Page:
We have on/off-shore anchors for each team who are responsible for keeping the team’s pace in sync. This helps keep everyone moving and by rotating this role the team gets exposure to each other and the chance to build bonds. Sounds cheesy but it has definitely helped our team (on, near, and off shore resources).


Not cheesy - human!


Most has been said above really. The main thing is to still value periodic face time and establish travel rota in the teams. Once people can put a face to a name, the relationship improves multifold. I have seen some companies doing quite the opposite, going offshore to reduce costs, then implementing a travel ban to save costs, yet never questioning the poor productivity of their setup.

Finding the right time for occasional stand up
Having clocks in the office to keep track of the overlap time
Maximizing communication in the overlap time
Looking to have some rota / oncall in geographies so to still be able to call somebody out of hours
Trying to establish a mindset that Global distribution can also be an advantage of following the Sun / making a 24Hrs a day work, etc. If you try and command that it won’t work but if you give the mindset to the team, they’ll find a way / pass the baton style
I still have not really see a board that can make the standup truly interactive across geographies but Microsoft Surface board and Google Jambaboard look promising. LeanKit is also quite good at moving tickets across all consumers in a team. Once the digital Kanban/Scrumban board is sorted, it can unleash great dynamics.


One of the guys at the Lean Coffee meetup I go to made a couple suggestions, which I thought were cool. I’ve also included another into the mix.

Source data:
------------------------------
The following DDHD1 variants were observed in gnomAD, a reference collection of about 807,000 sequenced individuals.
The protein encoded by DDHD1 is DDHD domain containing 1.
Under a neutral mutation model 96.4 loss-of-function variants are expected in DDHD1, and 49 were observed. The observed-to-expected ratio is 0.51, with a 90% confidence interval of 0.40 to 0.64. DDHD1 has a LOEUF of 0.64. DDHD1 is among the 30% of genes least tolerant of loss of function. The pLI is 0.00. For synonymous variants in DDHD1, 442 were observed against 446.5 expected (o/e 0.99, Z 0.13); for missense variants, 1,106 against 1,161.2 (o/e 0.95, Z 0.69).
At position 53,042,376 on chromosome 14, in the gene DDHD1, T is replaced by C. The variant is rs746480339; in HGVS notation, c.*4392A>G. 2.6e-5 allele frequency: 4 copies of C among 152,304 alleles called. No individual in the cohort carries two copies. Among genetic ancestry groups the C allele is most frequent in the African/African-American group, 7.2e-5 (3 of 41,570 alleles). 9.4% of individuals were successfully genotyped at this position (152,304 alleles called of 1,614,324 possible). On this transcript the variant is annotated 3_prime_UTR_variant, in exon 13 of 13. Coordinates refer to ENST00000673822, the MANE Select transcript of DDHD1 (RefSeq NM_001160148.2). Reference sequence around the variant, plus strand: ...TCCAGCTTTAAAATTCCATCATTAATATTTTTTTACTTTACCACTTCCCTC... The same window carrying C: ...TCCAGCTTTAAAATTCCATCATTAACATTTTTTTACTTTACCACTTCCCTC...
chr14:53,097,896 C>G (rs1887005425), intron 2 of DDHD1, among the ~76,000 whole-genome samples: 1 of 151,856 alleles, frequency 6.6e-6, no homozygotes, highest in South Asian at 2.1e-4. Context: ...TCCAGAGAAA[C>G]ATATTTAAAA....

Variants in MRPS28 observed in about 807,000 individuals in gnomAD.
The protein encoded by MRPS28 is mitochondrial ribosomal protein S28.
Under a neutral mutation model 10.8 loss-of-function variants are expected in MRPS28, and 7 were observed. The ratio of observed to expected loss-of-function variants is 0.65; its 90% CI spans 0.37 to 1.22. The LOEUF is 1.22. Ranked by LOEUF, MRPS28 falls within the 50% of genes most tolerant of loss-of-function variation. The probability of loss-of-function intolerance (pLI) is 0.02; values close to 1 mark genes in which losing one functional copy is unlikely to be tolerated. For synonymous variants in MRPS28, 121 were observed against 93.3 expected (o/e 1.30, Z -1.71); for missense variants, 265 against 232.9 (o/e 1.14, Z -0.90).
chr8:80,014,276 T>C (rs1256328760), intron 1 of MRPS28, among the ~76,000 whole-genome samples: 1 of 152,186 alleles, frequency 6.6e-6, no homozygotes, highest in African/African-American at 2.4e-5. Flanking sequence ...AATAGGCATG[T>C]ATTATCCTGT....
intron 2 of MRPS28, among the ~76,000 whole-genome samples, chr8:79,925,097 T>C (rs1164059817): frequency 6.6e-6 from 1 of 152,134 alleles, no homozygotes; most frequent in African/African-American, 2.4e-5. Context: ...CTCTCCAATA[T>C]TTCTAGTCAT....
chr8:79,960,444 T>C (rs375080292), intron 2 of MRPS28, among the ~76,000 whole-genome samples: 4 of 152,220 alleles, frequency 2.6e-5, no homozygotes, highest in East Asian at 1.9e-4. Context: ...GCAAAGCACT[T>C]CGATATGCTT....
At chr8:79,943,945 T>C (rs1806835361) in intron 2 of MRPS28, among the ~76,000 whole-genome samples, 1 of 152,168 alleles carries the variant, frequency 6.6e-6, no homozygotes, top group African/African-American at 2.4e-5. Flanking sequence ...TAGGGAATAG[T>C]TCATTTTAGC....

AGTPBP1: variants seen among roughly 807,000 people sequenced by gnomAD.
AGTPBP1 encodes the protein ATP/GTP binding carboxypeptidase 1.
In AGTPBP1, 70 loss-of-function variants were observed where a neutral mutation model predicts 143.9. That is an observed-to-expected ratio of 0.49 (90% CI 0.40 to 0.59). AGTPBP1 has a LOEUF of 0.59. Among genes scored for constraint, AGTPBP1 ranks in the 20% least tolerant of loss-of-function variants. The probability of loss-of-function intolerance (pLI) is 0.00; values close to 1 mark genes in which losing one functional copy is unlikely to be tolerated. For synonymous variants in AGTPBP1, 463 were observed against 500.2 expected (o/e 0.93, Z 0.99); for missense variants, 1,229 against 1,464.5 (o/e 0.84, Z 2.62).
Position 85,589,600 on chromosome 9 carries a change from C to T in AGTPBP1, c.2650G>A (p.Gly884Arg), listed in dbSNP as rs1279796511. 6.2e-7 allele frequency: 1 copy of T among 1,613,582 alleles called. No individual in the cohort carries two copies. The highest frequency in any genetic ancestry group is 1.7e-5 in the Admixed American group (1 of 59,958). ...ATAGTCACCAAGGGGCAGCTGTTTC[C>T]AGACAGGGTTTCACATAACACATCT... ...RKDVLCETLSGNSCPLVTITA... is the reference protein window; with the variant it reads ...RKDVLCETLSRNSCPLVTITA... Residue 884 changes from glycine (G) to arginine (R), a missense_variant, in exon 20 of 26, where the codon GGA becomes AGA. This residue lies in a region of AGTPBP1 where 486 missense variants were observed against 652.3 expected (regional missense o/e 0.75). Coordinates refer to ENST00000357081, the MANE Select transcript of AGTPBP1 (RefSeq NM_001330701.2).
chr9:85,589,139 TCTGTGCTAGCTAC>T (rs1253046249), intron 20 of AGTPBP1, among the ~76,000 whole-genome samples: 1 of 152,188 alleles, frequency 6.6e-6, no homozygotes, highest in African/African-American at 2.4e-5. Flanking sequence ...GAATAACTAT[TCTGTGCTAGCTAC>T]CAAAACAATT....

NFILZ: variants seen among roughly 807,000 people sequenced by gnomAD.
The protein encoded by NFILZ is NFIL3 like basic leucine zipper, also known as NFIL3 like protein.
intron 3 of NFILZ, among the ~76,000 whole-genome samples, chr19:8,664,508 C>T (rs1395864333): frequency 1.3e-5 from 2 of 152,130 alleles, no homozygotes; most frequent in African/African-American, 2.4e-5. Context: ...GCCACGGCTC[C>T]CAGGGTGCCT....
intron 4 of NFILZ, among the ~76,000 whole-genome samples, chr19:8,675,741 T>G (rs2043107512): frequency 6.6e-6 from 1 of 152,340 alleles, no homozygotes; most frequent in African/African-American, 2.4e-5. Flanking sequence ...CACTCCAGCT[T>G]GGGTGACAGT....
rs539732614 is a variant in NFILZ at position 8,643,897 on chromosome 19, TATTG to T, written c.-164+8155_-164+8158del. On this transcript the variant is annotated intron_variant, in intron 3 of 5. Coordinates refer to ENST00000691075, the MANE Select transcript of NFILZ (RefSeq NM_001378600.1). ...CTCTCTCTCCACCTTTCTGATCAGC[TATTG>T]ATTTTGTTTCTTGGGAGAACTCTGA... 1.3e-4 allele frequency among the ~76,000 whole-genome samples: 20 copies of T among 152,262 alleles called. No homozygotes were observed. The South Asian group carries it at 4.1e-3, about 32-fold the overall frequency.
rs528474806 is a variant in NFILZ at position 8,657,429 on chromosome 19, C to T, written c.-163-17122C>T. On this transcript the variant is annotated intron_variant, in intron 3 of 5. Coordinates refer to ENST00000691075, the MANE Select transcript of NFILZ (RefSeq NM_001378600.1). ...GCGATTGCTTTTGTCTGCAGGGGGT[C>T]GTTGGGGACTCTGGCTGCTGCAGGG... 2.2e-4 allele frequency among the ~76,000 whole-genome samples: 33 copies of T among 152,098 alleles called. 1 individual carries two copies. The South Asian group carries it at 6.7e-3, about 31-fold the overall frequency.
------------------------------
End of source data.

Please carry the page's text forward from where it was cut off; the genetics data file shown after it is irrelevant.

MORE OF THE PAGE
Send an "Australian Care Package"
Let’s face it Vegemite is a rite of passage for any foreigner here. The thought was provide the team with a budget and let them put together a “care package” with uniquely Australian ingredients and send them over. The other team on receiving the package is to weekly take an item out of the care package and use it. This isn’t a big cost, but sounds like fun.

Swapping mascots
Basically teams swap a mascot (such as a wombat for an Australian team) that then needs to have an adventure. Each week one member of the team is nominated to take the mascot on an “Adventure” and they send a “Postcard” or happy snaps from the other side of the world. The mascots are passed around the teams and might provide “just like us” opportunities to find ways for the teams to bond.

Footy tipping/Fantasy Cricket(insert random sport here)
Create a Footy tipping or Fantasy sport comp between offices and let them compete for glory in a sport that is held dear by both teams. Between Australia/UK it might be Cricket. Other options might be soccer (football), Rugby League or Union, or Basketball. The trick is to find a common interest and let it run from there. Finding links and reasons to communicate socially helps forge those links.

I really appreciate the importance of the f2f time as well. The 10 hour time difference makes it hard, but we will get there.


Totally agree